Alfa Romeo Spider Parts and Accessories: Automotive: Amazon.com

16 Jul 2014 | Author: | Comments Off on Alfa Romeo Spider Parts and Accessories: Automotive: Amazon.com
Alfa Romeo Spider

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To many enthusiasts Alfa Romeo is the shining star of Italian sports cars. From its Grand Prix dominating Alfetta to the classic design of its cars and its legendary twin-cam four-cylinder engine, the Milan automaker has always accomplished a lot with a little. And Alfa#39;s beloved series of 1966 to 1994 Spider sports cars stands as proof of that premise. (It should be noted that while the cars.

To many enthusiasts Alfa Romeo is the shining star of Italian sports cars. From its Grand Prix dominating Alfetta to the classic design of its cars and its legendary twin-cam four-cylinder engine, the Milan automaker has always accomplished a lot with a little. And Alfa#39;s beloved series of 1966 to 1994 Spider sports cars stands as proof of that premise. (It should be noted that while the cars of this series are frequently called Spiders, the term is actually a generic designation for an open-top sports car.)

Alfa Romeo#39;s 105-series-based open-top sports car was introduced at the Geneva Motor Show of 1966. The first of the range was originally called the 1600 Spider, but following a contest to select a formal name, it became known as the Duetto Spider. Built on the unibody Giulia platform, it was powered by a 109-horsepower 1570-cc version of the fabulous twin-cam aluminum Alfa four.

The new sports car was designed by Pininfarina and was the last project of that company#39;s founder, Battista Pinin Farina. With a simple rounded shape that tapered to both the front and the rear, its design alone was enough to render it classic. However, its starring cinematic role alongside Dustin Hoffman in The Graduate cemented its place in automotive history.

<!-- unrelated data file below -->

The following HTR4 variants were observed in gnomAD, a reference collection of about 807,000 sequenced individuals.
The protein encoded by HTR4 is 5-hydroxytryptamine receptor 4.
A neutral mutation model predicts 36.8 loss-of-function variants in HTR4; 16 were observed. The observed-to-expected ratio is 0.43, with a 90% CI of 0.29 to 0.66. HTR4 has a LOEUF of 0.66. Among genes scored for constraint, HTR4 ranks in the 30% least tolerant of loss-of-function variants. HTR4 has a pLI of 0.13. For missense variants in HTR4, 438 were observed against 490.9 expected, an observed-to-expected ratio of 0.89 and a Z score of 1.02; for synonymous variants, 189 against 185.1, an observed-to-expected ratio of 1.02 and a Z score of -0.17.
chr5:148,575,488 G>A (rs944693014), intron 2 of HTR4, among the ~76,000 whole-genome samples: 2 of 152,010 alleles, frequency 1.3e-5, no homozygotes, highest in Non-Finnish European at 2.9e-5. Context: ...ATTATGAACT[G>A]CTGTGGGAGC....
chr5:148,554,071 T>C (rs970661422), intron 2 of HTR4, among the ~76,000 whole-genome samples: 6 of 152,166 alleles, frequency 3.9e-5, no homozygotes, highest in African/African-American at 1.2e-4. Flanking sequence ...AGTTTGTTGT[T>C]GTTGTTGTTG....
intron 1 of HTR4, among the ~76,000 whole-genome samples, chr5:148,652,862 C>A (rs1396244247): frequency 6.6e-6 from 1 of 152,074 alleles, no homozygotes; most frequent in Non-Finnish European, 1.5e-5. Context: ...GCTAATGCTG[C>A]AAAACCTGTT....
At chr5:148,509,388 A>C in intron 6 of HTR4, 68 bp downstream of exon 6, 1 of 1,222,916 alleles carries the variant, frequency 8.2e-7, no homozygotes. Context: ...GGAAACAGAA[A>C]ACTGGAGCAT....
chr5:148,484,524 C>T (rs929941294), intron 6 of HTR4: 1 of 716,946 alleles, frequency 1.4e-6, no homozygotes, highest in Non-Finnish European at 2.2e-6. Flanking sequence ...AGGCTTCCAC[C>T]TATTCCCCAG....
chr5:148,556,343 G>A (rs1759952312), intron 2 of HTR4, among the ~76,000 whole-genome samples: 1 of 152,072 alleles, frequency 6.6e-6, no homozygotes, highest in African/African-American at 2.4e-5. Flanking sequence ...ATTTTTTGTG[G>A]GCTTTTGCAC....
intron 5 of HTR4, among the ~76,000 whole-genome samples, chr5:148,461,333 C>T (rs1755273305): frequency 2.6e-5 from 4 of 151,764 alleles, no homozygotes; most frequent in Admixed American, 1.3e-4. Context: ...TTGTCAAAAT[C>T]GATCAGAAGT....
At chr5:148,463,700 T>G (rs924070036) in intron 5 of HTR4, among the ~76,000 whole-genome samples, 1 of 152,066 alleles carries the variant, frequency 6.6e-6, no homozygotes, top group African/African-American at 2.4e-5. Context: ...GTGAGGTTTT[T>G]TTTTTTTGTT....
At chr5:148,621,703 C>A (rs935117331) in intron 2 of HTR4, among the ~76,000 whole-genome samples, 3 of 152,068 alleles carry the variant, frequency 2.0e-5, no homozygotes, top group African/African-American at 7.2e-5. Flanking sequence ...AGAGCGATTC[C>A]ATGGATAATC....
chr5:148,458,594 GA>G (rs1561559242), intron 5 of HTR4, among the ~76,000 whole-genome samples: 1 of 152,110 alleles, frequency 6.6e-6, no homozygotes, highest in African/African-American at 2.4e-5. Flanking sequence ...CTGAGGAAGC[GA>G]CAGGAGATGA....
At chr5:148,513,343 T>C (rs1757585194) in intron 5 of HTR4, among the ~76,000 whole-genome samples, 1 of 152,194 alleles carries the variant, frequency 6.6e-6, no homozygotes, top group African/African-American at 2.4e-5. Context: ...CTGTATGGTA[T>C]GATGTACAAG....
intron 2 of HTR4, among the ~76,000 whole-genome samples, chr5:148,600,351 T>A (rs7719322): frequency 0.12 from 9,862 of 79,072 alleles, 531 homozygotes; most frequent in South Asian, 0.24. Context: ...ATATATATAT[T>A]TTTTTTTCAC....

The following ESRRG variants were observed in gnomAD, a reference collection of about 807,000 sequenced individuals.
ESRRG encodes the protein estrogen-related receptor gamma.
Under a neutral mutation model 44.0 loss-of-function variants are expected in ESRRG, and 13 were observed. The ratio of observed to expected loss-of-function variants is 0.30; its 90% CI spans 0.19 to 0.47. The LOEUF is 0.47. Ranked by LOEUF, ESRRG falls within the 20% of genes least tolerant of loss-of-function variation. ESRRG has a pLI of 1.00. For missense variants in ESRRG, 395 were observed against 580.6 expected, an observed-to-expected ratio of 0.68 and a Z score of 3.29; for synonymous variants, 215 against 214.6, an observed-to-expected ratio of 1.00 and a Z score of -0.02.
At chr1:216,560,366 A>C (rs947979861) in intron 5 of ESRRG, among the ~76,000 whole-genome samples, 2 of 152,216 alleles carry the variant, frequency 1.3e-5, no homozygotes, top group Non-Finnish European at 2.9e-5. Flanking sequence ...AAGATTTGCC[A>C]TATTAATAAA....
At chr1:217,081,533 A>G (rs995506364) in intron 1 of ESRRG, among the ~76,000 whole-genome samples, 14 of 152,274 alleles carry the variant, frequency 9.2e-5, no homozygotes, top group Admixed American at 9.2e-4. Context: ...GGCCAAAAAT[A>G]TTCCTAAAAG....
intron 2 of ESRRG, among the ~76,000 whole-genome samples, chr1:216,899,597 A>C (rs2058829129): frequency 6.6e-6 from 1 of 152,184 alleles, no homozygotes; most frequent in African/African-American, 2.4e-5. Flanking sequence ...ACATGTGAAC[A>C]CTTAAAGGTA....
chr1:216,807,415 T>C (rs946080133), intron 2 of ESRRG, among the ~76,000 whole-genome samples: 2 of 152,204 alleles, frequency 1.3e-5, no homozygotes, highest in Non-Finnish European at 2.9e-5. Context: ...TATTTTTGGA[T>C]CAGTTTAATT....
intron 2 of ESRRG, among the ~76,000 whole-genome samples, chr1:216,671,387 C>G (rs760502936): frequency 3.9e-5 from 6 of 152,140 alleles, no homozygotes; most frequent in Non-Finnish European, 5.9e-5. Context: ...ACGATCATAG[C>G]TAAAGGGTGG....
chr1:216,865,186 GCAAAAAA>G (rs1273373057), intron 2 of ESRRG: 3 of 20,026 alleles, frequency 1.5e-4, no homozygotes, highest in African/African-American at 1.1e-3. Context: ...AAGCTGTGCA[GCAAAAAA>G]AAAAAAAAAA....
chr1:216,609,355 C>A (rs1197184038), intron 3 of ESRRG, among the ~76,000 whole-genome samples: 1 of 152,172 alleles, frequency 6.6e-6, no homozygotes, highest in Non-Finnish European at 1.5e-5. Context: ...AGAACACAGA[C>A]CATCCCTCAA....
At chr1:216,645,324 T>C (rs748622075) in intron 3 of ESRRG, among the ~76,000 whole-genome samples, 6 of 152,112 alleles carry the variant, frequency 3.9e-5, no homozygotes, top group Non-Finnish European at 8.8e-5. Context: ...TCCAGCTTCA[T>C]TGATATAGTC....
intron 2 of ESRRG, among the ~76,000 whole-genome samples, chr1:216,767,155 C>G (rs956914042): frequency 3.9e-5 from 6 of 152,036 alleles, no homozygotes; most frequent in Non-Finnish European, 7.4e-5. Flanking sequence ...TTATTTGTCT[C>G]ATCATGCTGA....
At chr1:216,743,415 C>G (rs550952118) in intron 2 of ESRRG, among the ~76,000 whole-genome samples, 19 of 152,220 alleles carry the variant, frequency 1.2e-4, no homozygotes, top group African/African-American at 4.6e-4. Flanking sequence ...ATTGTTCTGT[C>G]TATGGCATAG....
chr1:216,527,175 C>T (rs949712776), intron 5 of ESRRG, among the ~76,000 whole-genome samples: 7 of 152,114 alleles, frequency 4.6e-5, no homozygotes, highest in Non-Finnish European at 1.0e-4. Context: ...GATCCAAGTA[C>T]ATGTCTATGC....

Alfa Romeo Spider

In 1968 an entry-level Spider 1300 with a smaller 1290-cc engine joined the fray. While it captured the look of the original, the excitement was missing. The 1750 Spider Veloce was introduced in 1970.

With its 1779-cc engine generating 118 horsepower, it offered a performance boost in comparison to the original Spider. On a less happy note, the Duetto#39;s distinctive elongated tail had given way to a more conventional rear look. While that change may have resulted in a less dramatic appearance, it improved trunk space.

A still larger 132-horsepower engine followed soon thereafter, as did a new name: 2000 Spider Veloce. Another junior Spider, this time a 1600, was added to provide a mid-range offering between the top-of-the-line Veloce and the entry-level 1300. However this new 1600 was not exported to the U.S.

In 1983 Alfa sent the Spider to ugly school, fitting it with large black-rubber front and rear bumpers. In all fairness, the car was still a looker, but most felt it paled in comparison to its predecessors. For 1986, Alfa gussied up the Spider a bit with skirts, mirrors, spoilers, a removable hardtop, and a Quadrifoglio Verde (green four-leaf clover) badge.

The black bumpers finally went away with the last version of the Spider, which premiered in the home market for 1990 and came to the U.S. in 1991. U.S. models were badged as Spider and Spider Veloce, with the latter getting leather seats and larger alloy wheels. The range was put to rest in 1993, although a Spider Commemorative Edition was sold in the U.S. as a 1994 model.

Alfa Romeo Spider
Alfa Romeo Spider
Alfa Romeo Spider
Alfa Romeo Spider
Alfa Romeo Spider
Alfa Romeo Spider
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